Maximilian Mann (1992) grew up in Kassel. His wish to study photography grew during a voluntary aid project in Tanzania. His photographs illustrate his engagement, above all for socially deprived groups and environmental issues. He was shortlisted for the Felix Schoeller Award in the category ‘Best Work by an Emerging Photographer’ in 2017, was a finalist in the ‘Kolga Newcomer Award 2017’ and was awarded the ‘BFF Stipendium 2019’.


The category winners

Winner in the category Landscape/Nature: Daniel Reiter, Munich/Germany

Title of the entry: Wasser auf Zeit

The jury’s reasons

Daniel Reiter’s message is presumably hidden behind the extremely formal creative construction of his photographs. Everything seems clean and tidy – wonderfully structured abstract compositions. But details indicate signs of human life, seemingly choreographed and captured out of the air. Very quickly, the visual security of the lines and surfaces is revealed as a fallacy, because this order is the order of an almost unstoppable catastrophe invoked by the exploitation of our planet. Daniel Reiter’s landscapes of irrigation circles formulate an urgent cry for help that makes the viewer recognise the danger our planet is in.


Winner in the category Fashion Photography: Julia Bezhanova, Azov/Russia

Title of the entry: On the other side

The jury’s reasons: The series entered by Julia Bezhanova is characterised by her aesthetic, substantively differentiated and carefully considered visual language. Her choice of visual spaces and colouration are style elements and simultaneously meaningful.  Her style is fresh and present, and reflects the contemporary zeitgeist of a young generation. The mirror stands as a metaphor for reflection and the reflected. On the other side by Julia Bezhanova reveals how exciting and beautiful fashion photography can be.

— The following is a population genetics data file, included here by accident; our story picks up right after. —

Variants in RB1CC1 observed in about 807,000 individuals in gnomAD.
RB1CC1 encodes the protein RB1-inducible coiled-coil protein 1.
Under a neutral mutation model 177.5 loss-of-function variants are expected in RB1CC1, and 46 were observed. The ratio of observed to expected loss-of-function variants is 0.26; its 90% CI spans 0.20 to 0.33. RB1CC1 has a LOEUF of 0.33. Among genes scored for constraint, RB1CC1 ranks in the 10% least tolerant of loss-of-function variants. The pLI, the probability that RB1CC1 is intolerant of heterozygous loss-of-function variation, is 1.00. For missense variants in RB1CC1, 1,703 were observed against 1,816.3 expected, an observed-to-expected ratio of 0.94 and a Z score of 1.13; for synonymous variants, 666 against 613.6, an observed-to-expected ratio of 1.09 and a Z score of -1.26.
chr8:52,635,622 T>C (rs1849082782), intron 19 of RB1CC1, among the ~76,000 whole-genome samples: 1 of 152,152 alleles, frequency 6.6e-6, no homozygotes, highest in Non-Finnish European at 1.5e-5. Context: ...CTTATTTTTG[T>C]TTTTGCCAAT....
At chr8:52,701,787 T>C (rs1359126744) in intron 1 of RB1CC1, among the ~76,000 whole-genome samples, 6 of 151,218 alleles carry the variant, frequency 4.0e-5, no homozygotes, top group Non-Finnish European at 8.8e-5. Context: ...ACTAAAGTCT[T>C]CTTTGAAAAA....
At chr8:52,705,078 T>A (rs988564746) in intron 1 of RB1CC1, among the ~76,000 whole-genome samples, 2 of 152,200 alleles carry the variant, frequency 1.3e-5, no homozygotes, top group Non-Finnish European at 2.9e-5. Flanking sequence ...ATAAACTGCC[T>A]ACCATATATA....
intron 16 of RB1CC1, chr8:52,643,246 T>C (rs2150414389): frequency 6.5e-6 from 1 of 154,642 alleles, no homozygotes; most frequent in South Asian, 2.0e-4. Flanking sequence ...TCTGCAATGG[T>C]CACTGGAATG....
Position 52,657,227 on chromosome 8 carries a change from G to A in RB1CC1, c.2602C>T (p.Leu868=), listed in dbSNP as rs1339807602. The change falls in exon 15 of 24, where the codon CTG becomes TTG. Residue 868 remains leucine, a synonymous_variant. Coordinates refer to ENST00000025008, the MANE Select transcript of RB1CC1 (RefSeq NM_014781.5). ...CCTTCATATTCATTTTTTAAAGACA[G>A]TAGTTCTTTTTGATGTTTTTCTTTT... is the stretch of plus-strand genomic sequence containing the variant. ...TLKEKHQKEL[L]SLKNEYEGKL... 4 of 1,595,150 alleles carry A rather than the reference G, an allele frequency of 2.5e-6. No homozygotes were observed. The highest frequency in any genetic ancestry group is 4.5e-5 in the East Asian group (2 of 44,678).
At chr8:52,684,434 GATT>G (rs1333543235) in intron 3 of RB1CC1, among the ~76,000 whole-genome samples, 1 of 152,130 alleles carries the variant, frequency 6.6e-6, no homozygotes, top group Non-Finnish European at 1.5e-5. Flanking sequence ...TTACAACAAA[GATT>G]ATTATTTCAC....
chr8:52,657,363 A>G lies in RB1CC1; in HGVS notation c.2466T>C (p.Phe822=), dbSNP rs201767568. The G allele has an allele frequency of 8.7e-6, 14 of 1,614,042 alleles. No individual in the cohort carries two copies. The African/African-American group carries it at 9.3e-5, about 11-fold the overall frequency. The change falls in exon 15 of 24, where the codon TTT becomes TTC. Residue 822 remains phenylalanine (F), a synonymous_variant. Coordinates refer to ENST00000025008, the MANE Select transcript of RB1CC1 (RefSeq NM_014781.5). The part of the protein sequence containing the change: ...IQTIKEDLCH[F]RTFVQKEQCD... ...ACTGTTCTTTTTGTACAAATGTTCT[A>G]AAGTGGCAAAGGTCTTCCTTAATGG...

Winner in the category Photojournalism/Editorial: Alexey Vasilyev, Yakutsk/Russia

Title of the entry: My Dear Yakutia

The jury’s reasons: Yakutia, Russia’s largest region, lies in north-east Asia and, due to the lack of infrastructure, is extremely hard to reach. In his photographs, Alexey Vasilyev poetically and lovingly documents tells stories about the lives of people in the remoteness and severe climatic conditions of Yakutia. His pictures are characterised by a clear, many-faceted approach to composition and choice of subjects. The five photographs of his series titled ‘My dear Yakutia’ can be read as a visual allegory of a life of hope and dreams, amazement, loneliness and the joy of life itself. They are simultaneously profound and humorous and have a breadth that transcends the boundaries of pure documentation.


Winner in the category Free Choice/Conceptional Photography: Sarah Tröster, Asperg/Germany

Title of the entry: Garbage Project

The jury’s reasons: At first sight, Sarah Tröster proffers a series of style-icons from the 1930s and 1940s – familiar images of the era of Josephine Baker. Photographically realised in vintage-look, her work plays with sensory delusion of the viewer, who, only at a closer, second, glance, discovers that the clothing is fashioned entirely from garbage. Tröster sets the beauties of the past in juxtaposition to our behaviour in the throw-away society of today.
Her work, ‘Garbage Project’, is a creatively outstanding indictment of merciless consumerism and an intellectual plea for a more prudent approach to our future.